max_read + labor   10

While research has found that lawmakers are more responsive to the views of the affluent than to the less well-off, it is not well understood what institutions may limit unequal responsiveness. We argue that labor unions can reduce the bias of legislators despite high economic inequality, expensive campaigns and comparatively low union density. We provide robust evidence for this argument from the contemporary U.S. House of Representatives. Our extensive dataset includes a novel measure of district-level union strength, drawn from 350,000 administrative records, and income-specific measures of constituency preferences matched to 23 roll-call votes, based on 278,000 survey respondents. Exploiting within-district variation in preference polarization, within-state variation in union strength and rich data on confounds, we can rule out a host of alternative explanations. Additional evidence shows that unions moderate responsiveness during an exogenous economic shock. Our findings suggest that unequal representation is not an unavoidable feature of democratic capitalism.
labor  unions  politics  equality 
august 2018 by max_read
It’s bargaining power all the way down — Crooked Timber
In the orthodox perspective favored by Piketty, we ask “why is there more capital than there used to be?” and “what is the product of each unit of capital?” In the second perspective – which following Perry Mehrling we might call the money view – it’s the distribution among rival claims that is the real sociological fact, and the value of these of claims as “capital” that is an after-the-fact calculation. From this point of view, the relevant questions are “how much of the output of the firm is appropriated through property claims?” and “what value is put on each dollar of property income?” In which case, we should expect to see higher wealth ratios not in times and places where cumulated savings have outpaced growth, but in times and places where the bargaining process has shifted in favor of holders of capital claims, and where financial markets place a higher value on ownership claims relative to current output.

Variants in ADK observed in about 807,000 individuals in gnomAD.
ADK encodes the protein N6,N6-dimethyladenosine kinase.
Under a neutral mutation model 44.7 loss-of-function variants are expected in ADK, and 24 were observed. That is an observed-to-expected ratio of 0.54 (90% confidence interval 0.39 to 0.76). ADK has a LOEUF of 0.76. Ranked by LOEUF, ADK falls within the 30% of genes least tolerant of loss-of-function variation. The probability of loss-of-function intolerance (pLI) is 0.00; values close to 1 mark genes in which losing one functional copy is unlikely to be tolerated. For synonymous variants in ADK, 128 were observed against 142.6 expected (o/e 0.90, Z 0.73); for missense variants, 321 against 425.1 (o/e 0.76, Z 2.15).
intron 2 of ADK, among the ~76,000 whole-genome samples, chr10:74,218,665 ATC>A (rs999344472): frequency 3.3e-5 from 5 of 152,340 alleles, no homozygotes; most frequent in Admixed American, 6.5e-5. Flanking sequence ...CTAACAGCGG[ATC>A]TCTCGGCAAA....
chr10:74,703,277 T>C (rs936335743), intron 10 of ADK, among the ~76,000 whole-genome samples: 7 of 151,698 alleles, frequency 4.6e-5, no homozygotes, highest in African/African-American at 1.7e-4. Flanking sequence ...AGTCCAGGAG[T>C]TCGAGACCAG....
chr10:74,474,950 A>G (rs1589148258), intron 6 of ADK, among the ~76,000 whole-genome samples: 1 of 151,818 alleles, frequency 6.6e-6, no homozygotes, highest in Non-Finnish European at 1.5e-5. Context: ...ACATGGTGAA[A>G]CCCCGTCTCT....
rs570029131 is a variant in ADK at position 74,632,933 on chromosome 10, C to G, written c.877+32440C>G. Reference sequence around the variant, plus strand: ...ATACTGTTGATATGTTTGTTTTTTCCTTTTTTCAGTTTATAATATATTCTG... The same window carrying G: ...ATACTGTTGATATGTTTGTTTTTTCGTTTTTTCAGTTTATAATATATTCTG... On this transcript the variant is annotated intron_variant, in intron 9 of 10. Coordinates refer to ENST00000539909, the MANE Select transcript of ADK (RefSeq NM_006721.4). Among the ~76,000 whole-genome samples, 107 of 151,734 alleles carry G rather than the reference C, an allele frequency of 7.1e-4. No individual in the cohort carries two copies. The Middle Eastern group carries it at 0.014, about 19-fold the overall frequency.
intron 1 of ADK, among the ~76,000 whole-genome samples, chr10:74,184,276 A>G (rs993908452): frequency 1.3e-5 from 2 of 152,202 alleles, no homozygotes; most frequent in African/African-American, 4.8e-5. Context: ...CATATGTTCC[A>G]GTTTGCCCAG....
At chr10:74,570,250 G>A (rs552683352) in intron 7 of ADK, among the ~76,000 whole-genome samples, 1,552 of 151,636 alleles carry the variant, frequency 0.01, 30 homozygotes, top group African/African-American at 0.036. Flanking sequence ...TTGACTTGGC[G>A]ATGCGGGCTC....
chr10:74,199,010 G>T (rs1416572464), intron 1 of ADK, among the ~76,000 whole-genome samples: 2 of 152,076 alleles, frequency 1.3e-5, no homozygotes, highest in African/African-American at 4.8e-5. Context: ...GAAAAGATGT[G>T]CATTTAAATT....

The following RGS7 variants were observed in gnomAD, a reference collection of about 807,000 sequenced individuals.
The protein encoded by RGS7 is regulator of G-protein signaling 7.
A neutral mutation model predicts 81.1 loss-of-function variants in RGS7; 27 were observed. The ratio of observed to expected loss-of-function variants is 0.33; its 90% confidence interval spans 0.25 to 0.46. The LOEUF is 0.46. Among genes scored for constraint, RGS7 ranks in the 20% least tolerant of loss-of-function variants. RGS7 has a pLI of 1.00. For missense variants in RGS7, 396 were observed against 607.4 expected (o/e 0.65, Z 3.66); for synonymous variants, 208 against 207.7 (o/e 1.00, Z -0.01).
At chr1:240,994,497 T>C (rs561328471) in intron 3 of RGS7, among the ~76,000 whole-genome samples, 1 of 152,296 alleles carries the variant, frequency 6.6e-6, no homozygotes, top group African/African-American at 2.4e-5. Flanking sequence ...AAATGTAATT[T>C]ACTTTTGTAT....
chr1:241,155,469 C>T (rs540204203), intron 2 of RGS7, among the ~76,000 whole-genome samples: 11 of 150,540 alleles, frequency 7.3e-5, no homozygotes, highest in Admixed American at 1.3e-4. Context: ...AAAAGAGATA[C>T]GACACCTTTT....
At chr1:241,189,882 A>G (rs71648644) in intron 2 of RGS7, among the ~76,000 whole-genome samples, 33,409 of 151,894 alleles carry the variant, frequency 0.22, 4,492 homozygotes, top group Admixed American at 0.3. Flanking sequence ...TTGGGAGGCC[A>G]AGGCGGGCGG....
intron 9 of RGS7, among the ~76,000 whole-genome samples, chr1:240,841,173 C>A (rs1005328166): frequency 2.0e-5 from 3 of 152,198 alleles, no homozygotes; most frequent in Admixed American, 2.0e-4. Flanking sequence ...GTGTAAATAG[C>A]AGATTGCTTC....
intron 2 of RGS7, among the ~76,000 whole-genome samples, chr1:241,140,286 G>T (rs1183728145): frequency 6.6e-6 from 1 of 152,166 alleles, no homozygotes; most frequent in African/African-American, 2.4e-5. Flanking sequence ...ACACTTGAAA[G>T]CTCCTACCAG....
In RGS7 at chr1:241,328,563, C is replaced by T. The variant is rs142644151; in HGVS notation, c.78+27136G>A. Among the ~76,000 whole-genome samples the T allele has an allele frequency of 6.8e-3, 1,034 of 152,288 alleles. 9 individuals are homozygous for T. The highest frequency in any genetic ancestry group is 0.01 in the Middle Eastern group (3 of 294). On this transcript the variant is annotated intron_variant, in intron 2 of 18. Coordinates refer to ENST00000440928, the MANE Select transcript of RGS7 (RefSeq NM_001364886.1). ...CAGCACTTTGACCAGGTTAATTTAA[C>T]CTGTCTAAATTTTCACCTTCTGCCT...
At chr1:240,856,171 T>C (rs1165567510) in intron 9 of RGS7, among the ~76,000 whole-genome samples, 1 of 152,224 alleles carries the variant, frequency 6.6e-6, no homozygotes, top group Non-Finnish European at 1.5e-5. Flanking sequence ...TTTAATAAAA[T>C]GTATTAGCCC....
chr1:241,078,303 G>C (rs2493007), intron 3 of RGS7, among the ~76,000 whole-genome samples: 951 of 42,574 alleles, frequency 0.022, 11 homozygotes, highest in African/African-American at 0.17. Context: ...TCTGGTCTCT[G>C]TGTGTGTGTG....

economics  piketty  income  wealth  labor  bargaining 
august 2018 by max_read
Opinion | It’s Not Technology That’s Disrupting Our Jobs - The New York Times
But this narrative is wrong. The history of labor shows that technology does not usually drive social change. On the contrary, social change is typically driven by decisions we make about how to organize our world. Only later does technology swoop in, accelerating and consolidating those changes.
labor  economy  technology  work  gig 
august 2018 by max_read
Gavin Mueller — Digital Proudhonism | boundary 2
Or instead of a remix, a “vortex,” to use the language of Nick Dyer-Witheford (2015), whose Cyber-Proletariat reminds us that the often-romanticized labor of digital creators and makers is but one stratum among many that makes up digital culture. The creative economy is a relatively privileged sector in an immense global “factory” made up of layers of formal and informal workers operating at the point of production, distribution and consumption, from tantalum mining to device manufacture to call center work to app development. The romance of “DIY” obscures the reality that nothing digital is done by oneself: it is always already a component of a larger formation of socialized labor.